Fire Department developing paramedic accreditation program SanTan Sun News

Fire Department developing paramedic accreditation program

July 18th, 2019 development
Fire Department developing paramedic accreditation program
Community
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BY KAYLA RUTLEDGE
Staff Writer

The Chandler Fire Department is developing an accredited paramedic certification program after contracting with Chandler Regional Medical Center and Phoenix Children’s Hospital.

For the last 10 years, the Fire Department has worked with Phoenix College to train paramedics. Currently, the program takes about 10 months to complete and produces the city’s first line of medical responders.

However, in order to be accredited through the Commission on Accreditation of Allied Health Education Programs for its own paramedic program, the department must enter agreements with local hospitals to ensure students adequately fulfill the clinical training component of the program.

With a site visit from CAAHEP set for sometime within the next year and a half, the department must be under contract with the medical facilities to be considered for accreditation.

The Fire Department’s contract with Phoenix Children’s Hospital will run until June 2022 and the contract with Chandler Regional Medical Center will end next June. 

“Becoming an accredited program will ensure that students meet high competency benchmarks through rigorous training from clinical experts,” city records state.

Chandler Fire Department Fire Chief Tom Dwiggins said students are currently required to have 100 hours of clinical time in the hospital. With new access to the medical facilities, students will have the hands-on training with varying patient types necessary to be successful in the field, he added.

While in both Phoenix Children’s Hospital and Chandler Regional Medical Center, students will spend time in the emergency room, the intensive care unit, telemetry unit, the labor and delivery department and, “just about every other area of the hospital,” Dwiggins said.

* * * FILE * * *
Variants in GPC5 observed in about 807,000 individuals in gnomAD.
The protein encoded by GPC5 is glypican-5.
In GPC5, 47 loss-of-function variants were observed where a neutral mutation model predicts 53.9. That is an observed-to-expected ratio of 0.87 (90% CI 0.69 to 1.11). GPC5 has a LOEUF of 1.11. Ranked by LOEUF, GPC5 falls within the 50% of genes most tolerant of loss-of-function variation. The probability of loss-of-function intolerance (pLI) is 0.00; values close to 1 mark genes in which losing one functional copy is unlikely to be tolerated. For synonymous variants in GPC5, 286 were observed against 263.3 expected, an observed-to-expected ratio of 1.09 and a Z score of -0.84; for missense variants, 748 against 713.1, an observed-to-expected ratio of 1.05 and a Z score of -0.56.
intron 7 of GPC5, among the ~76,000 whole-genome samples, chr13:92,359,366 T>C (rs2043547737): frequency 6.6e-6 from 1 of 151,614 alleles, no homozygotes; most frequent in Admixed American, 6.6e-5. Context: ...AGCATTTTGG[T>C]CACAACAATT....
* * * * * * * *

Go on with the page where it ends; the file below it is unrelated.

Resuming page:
While training in the facilities, the students will be working under the supervision of a physician or nurse to perform skills such as patient assessments, starting IVs, tracheal intubation, medication administration and delivering babies in the hospital, which Dwiggins says is always a student favorite.

“Our partnerships that we have with Phoenix Children’s Hospital and the opportunity to work with pediatric patients or Chandler Regional Medical Center and the opportunity we now have to work in a trauma center has really helped us to increase their skill set and their ability to deliver good service out in the field,” said Dwiggins.

Paramedics are certified only after passing knowledge and skills-based assessments. Different from EMTs, paramedics can provide treatment that breaks the skin, such as administering injections.

To become a paramedic, candidates must be certified EMT-Basic. Upon certification, EMTs apply for a training program in which they must have a sponsor lined up and ready to employ them upon completing their schooling.

Most training programs in the area prefer for EMTs to have two years of experience before applying for a paramedic program.

The state’s paramedic certification is valid for two years and is eligible for renewal. These requirements are expected to be the same under the new Chandler-based paramedic program.

At a Chandler City Council study session, Councilman René Lopez told Dwiggins, “I want to bring this to the attention of our public. Our public safety does more than just respond to calls. They go out there and are very proactive with our community.”

“Keeping our citizenry safe and our firemen at the utmost highest level of training,” Lopez added.

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